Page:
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Utilities upbeat entering tax bill conference but renewable sector wants changes

Electric utilities are rooting for final passage of tax reform legislation that would lower the corporate tax rate and maintain key business deductions, but renewable energy developers remain vulnerable as Congress heads into a conference committee on the tax bills.

The U.S. Senate passed the Tax Cuts and Jobs Act early Dec. 2. Like the U.S. House of Representatives' tax proposal that passed Nov. 16, the Senate bill would slash the corporate tax rate from 35% to 20% and preserve investor-owned utilities' ability to deduct interest expenses and state and local taxes from their federal income taxes. Both bills also would allow full expensing of capital expenditures for five years, although they differ in how they would treat expensing after that.

Republicans hope to send a final tax bill to President Donald Trump's desk by Christmas. But Congress has a lot on its plate before the holidays, including passing spending legislation by Dec. 8 in order to avoid a government shutdown.

"Getting comprehensive tax reform across the finish line is the single most important action we can take this year to grow our economy and create jobs," Edison Electric Institute President Tom Kuhn said following the Senate vote.

Toby Shea, a vice president at Moody's Investors Service, said the effect on utility earnings from the legislation would be "neutral" because reduced tax expenses from the lower corporate rate would be passed on to customers. The investment firm also said cash flows likely would decline because utilities will not be able to defer as much in taxes due to the lower corporate rate, an assessment shared by Morgan Stanley in a recent research note.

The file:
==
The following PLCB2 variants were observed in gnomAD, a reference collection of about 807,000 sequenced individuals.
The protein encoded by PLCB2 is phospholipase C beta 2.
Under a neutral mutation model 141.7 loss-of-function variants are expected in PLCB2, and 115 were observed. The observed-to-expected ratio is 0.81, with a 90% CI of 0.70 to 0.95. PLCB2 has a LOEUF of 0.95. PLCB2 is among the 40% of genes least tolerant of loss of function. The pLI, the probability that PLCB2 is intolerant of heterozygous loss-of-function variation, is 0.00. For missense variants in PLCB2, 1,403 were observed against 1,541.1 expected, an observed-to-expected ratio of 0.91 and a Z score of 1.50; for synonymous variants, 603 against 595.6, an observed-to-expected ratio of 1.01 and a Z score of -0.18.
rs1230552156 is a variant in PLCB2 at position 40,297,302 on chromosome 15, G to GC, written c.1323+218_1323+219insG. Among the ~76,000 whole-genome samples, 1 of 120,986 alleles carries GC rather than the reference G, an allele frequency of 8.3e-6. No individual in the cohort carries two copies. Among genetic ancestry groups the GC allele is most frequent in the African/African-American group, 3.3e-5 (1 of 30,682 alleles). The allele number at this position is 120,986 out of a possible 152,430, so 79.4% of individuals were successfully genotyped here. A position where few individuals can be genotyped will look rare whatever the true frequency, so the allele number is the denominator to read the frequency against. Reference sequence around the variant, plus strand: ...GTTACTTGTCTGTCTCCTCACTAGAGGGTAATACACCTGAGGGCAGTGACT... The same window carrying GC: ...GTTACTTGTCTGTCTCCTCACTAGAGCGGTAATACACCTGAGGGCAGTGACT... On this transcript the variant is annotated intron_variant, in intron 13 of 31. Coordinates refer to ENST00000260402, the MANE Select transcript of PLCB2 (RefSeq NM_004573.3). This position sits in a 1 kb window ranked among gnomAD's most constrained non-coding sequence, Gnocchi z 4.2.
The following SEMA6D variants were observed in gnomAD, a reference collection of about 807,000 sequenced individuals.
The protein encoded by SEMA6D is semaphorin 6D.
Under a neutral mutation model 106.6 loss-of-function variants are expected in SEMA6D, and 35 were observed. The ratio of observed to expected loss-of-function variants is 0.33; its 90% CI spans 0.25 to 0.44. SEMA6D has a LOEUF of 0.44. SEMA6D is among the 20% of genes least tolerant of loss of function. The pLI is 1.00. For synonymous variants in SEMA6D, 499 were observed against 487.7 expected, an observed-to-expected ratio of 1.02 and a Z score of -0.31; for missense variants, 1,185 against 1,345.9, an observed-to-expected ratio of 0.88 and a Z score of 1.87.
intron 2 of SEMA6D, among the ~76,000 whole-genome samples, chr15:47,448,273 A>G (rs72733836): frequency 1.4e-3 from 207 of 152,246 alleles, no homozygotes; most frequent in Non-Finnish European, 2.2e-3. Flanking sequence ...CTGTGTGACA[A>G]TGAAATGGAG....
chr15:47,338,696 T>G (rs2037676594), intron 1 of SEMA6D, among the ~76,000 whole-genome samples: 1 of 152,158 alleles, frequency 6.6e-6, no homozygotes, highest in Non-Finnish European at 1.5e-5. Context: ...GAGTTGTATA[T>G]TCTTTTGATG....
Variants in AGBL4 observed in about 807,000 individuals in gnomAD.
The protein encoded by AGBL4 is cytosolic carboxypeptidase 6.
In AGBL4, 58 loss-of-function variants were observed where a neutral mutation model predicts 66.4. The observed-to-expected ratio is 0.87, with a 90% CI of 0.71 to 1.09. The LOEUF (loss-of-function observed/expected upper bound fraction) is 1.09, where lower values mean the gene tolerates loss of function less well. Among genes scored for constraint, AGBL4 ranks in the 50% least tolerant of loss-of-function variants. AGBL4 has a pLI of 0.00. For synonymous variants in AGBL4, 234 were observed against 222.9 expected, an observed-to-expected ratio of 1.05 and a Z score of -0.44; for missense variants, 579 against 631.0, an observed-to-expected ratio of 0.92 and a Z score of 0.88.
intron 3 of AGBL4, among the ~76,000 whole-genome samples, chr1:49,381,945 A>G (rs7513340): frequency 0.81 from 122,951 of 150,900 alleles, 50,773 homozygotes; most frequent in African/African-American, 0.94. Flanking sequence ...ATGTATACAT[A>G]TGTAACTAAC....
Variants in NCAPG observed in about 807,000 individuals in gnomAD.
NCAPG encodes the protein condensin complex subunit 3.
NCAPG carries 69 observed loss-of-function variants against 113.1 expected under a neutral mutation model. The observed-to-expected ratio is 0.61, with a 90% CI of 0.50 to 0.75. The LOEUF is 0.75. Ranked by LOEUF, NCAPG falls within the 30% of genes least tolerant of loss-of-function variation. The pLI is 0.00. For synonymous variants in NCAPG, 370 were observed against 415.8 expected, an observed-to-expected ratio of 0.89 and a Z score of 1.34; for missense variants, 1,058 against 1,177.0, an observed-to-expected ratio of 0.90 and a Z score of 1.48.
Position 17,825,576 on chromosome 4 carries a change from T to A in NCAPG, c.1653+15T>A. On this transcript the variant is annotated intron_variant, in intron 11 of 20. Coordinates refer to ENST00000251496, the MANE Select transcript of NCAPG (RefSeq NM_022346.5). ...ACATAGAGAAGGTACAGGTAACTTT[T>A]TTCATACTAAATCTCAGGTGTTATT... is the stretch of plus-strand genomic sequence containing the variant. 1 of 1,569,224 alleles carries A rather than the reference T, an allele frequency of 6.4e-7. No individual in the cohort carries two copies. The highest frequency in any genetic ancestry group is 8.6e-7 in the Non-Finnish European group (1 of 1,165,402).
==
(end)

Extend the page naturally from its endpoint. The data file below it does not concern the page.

Renewable sector faces risks

Despite broad support for tax reform among utilities, renewable power developers are worried about parts of both the House and Senate legislation.

The House bill effectively would lower the value of the federal wind production tax credit and toughen its eligibility requirements while ending the commercial solar investment tax credit at the end of 2027. The Senate legislation would preserve the existing wind and solar credits but includes language that renewable energy developers fear will hamper investment.

The Senate bill's base erosion anti-abuse tax, or BEAT, provisions could push tax equity investors out of the U.S. renewable energy market by subjecting renewable energy tax credits owned by affected multinational companies to a 100% tax. The renewable power sector also is displeased with the Senate's retention of the alternative minimum tax, a supplemental income tax that some companies pay if they have exemptions allowing for a lower standard income tax.

"If these provisions are retained, they will result in broad instability and uncertainty for businesses and investors across many sectors, including the clean energy sector," said a coalition of clean energy groups including the American Wind Energy Association, Solar Energy Industries Association and the American Council on Renewable Energy. "We look forward to working with conferees to address these concerns so that the sector can continue to contribute to vibrant and diverse domestic energy production."

American Council on Renewable Energy spokesman Gil Jenkins said the Senate bill's BEAT provisions were modified to help protect banks against a tax on swaps and other transfers, which could allow some banks to provide tax equity "without fear of the BEAT." But the bill excluded a proposal from U.S. Sen. Chuck Grassley, R-Iowa, to allow for a five-year carryover on credits, meaning the BEAT provisions "will have a major negative impact on the tax equity marketplace," Jenkins said.

The fate of these and other contested aspects of the tax bills remains unclear and will be worked out in a bicameral conference committee. In addition to the renewable provisions, the House and Senate bills differ on their treatment of the production tax credit for new nuclear facilities and credits for smaller-scale renewable technologies. The bills also proposed different tax breaks for master limited partnerships.

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